How a Amarillo Native Danced On I-40 Across The Entire Panhandle
When it comes to Texan charm, David Waddle, known by his unofficial title as the "Dancing Cowboy," takes the cake. This cowboy embarked on an unforgettable journey waltzing his way from New Mexico to Oklahoma along the iconic Route 66, also known as I-40.
Born in Houston, Texas, in 1953, David relocated to Amarillo, where he honed his skills as a two-stepper and immersed himself in the country-western dance culture. His life took a surprising turn when a friend's request led him to become a dance instructor at Amarillo College, a role he embraced for an incredible 21 years.
The Dancing Cowboy's infectious charisma didn't stop at the dance floor. David also entertained as the "Big Texan," as a larger-than-life character on stilts, captivating audiences with his eight-foot-three-inch stature and self-made cowboy outfit. His stilt-walking career spanned an impressive 35 to 40 years, earning him recognition and applause.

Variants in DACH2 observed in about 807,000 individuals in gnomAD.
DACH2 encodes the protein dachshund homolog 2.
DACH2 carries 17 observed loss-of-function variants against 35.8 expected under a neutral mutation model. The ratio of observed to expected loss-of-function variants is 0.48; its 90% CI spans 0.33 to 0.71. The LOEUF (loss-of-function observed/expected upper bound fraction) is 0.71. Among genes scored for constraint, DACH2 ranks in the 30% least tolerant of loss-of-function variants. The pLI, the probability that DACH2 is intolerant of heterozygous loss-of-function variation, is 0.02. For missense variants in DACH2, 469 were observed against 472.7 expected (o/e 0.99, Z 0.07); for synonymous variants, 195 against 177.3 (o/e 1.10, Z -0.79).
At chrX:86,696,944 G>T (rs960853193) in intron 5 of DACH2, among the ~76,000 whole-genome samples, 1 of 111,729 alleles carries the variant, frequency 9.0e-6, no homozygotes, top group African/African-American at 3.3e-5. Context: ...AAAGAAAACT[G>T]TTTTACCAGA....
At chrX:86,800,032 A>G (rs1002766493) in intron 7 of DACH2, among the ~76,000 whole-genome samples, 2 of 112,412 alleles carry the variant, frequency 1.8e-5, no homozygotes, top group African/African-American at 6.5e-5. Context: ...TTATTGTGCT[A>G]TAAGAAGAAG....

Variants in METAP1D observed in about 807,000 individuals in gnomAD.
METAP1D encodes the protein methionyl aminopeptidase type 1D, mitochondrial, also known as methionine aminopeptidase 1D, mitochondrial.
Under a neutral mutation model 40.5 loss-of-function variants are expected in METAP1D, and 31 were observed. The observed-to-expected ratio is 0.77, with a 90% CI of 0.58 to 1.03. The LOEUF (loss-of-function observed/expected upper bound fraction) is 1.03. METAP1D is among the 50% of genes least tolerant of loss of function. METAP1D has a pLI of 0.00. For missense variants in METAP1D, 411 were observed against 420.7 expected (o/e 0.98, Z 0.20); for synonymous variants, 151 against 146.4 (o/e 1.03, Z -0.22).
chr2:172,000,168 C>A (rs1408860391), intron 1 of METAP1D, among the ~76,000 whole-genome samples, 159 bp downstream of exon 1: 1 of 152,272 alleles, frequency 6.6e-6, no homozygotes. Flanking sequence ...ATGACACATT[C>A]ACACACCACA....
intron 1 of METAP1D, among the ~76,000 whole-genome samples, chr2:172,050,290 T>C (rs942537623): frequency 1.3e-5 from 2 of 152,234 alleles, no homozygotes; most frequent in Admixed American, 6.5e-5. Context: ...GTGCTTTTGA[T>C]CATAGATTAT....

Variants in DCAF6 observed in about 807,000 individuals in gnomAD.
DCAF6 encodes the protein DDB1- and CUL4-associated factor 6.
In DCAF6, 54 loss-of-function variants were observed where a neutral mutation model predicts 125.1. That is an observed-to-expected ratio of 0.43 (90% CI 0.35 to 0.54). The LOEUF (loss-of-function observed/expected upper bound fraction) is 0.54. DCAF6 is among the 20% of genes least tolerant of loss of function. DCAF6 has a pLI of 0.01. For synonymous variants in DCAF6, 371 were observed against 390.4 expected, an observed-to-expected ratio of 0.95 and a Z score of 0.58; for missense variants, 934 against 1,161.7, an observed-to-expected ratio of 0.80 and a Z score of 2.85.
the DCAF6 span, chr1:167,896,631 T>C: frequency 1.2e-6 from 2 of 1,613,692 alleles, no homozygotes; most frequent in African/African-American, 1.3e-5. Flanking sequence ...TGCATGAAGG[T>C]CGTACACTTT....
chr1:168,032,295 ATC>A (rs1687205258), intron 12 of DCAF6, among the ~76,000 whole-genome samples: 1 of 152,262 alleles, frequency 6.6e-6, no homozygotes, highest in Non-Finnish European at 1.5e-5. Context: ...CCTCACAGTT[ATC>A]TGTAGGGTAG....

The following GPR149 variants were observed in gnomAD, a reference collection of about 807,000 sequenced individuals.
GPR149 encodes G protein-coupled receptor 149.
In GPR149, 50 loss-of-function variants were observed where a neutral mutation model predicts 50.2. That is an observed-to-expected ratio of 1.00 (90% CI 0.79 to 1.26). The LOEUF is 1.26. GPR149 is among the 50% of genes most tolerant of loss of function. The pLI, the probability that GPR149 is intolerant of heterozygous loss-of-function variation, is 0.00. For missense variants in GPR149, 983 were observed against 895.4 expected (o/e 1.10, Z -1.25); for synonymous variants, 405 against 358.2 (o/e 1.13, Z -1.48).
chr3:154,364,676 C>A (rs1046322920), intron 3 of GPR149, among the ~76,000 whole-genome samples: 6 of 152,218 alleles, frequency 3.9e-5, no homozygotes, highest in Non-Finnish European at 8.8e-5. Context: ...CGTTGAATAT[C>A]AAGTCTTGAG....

But what makes David Waddle different than any other normal Texan dancer was an unthinkable stunt that he pulled in 1979. Inspired by the famous song "Waltz Across Texas" by Ernest Tubb, he conceived a plan to dance his way across the Panhandle, covering a distance of 204 miles over 19 days, accompanied by 22 enthusiastic dance partners. On his 26th birthday, September 29th, 1979, David completed his waltz in Hollis, Oklahoma, celebrating with a grand birthday party.
Even in his older years Waddle still remains an interesting individual, participating in the well-known anti-littering campaign called "Don't Mess With Texas" and in some interviews has expressed his interest in exploring the art of ventriloquism.
In the long list of spectacular individuals from the Texas Panhandle, this Texan dancer definitely earns his spot among some of the most interesting.
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